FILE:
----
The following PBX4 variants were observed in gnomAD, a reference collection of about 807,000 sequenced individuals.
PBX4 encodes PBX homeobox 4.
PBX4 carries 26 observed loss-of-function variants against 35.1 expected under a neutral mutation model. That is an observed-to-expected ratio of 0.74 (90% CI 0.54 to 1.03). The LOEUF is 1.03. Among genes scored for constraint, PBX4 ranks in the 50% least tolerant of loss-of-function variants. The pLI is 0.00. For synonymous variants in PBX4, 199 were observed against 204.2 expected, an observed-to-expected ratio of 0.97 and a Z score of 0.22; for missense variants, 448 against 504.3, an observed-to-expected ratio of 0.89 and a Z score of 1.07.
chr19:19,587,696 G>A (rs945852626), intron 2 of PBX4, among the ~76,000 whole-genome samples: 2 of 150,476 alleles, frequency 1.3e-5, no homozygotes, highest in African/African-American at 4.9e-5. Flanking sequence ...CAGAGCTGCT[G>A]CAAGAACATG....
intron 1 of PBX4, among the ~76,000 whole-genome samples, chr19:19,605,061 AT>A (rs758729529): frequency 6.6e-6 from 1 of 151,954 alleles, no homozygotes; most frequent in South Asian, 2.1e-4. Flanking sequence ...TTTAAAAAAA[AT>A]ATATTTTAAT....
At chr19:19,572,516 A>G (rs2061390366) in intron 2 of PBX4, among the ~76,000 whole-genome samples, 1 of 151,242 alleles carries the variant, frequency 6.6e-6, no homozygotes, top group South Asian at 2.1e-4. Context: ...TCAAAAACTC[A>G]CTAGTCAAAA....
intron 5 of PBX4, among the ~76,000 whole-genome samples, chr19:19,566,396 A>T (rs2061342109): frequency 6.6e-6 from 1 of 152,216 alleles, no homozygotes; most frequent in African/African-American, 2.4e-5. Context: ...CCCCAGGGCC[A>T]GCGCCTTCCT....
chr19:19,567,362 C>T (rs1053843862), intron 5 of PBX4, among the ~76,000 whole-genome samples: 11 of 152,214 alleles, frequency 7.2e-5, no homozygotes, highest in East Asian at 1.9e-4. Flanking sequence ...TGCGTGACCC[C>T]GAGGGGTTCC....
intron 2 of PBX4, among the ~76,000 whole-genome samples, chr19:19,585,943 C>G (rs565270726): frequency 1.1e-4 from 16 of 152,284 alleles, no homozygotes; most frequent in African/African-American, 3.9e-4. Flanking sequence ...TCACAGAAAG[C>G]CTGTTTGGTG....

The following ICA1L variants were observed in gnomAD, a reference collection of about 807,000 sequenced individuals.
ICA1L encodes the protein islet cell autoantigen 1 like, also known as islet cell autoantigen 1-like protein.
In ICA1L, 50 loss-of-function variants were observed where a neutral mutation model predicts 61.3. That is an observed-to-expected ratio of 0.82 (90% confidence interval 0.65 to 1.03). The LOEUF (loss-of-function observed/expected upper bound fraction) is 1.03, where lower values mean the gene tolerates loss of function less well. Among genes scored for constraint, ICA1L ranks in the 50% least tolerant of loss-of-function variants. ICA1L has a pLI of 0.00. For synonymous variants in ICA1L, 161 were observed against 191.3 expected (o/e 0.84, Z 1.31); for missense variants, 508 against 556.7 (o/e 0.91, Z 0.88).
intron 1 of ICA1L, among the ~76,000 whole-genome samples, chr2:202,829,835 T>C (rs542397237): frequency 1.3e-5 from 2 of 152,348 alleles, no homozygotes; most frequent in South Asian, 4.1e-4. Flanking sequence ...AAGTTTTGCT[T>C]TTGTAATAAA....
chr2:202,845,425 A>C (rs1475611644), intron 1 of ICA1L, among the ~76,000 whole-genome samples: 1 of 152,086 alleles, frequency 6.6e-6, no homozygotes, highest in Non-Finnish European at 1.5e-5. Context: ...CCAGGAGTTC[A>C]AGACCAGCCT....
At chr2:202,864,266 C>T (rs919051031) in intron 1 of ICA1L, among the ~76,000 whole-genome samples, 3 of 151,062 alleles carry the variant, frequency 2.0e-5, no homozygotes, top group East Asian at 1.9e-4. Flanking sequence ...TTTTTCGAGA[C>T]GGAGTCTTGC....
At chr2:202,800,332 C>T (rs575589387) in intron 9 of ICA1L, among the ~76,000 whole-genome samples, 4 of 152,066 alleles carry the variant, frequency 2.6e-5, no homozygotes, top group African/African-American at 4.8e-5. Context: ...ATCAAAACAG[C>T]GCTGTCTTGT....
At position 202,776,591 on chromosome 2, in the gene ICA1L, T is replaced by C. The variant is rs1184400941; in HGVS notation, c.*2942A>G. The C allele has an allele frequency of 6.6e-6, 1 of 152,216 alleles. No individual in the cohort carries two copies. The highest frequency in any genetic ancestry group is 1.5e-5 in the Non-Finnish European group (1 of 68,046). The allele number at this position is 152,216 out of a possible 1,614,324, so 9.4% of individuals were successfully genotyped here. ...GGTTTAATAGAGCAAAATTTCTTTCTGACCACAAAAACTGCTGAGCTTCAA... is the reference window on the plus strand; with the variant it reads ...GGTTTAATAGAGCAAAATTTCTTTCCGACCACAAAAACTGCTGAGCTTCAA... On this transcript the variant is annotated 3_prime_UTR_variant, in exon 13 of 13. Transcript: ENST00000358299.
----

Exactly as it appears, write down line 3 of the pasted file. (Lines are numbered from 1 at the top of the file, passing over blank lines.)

PBX4 carries 26 observed loss-of-function variants against 35.1 expected under a neutral mutation model. That is an observed-to-expected ratio of 0.74 (90% CI 0.54 to 1.03). The LOEUF is 1.03. Among genes scored for constraint, PBX4 ranks in the 50% least tolerant of loss-of-function variants. The pLI is 0.00. For synonymous variants in PBX4, 199 were observed against 204.2 expected, an observed-to-expected ratio of 0.97 and a Z score of 0.22; for missense variants, 448 against 504.3, an observed-to-expected ratio of 0.89 and a Z score of 1.07.